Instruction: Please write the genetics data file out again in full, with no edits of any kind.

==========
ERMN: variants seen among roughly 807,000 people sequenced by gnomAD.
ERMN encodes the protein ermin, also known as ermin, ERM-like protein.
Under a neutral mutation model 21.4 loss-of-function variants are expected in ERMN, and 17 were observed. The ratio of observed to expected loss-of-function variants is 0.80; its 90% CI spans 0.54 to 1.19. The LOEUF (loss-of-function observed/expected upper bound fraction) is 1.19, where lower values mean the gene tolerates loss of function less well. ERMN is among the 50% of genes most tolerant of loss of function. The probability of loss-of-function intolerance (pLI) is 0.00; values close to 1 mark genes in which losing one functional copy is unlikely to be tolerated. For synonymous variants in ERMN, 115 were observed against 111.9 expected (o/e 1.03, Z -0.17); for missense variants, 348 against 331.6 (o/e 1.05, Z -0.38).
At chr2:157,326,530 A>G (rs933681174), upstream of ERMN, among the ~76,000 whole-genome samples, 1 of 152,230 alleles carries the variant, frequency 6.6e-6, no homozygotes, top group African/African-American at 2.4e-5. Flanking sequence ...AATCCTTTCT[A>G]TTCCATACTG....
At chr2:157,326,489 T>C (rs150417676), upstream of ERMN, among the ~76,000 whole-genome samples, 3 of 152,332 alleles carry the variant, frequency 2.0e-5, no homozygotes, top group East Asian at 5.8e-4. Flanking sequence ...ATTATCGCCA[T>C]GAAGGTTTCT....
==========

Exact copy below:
ERMN: variants seen among roughly 807,000 people sequenced by gnomAD.
ERMN encodes the protein ermin, also known as ermin, ERM-like protein.
Under a neutral mutation model 21.4 loss-of-function variants are expected in ERMN, and 17 were observed. The ratio of observed to expected loss-of-function variants is 0.80; its 90% CI spans 0.54 to 1.19. The LOEUF (loss-of-function observed/expected upper bound fraction) is 1.19, where lower values mean the gene tolerates loss of function less well. ERMN is among the 50% of genes most tolerant of loss of function. The probability of loss-of-function intolerance (pLI) is 0.00; values close to 1 mark genes in which losing one functional copy is unlikely to be tolerated. For synonymous variants in ERMN, 115 were observed against 111.9 expected (o/e 1.03, Z -0.17); for missense variants, 348 against 331.6 (o/e 1.05, Z -0.38).
At chr2:157,326,530 A>G (rs933681174), upstream of ERMN, among the ~76,000 whole-genome samples, 1 of 152,230 alleles carries the variant, frequency 6.6e-6, no homozygotes, top group African/African-American at 2.4e-5. Flanking sequence ...AATCCTTTCT[A>G]TTCCATACTG....
At chr2:157,326,489 T>C (rs150417676), upstream of ERMN, among the ~76,000 whole-genome samples, 3 of 152,332 alleles carry the variant, frequency 2.0e-5, no homozygotes, top group East Asian at 5.8e-4. Flanking sequence ...ATTATCGCCA[T>C]GAAGGTTTCT....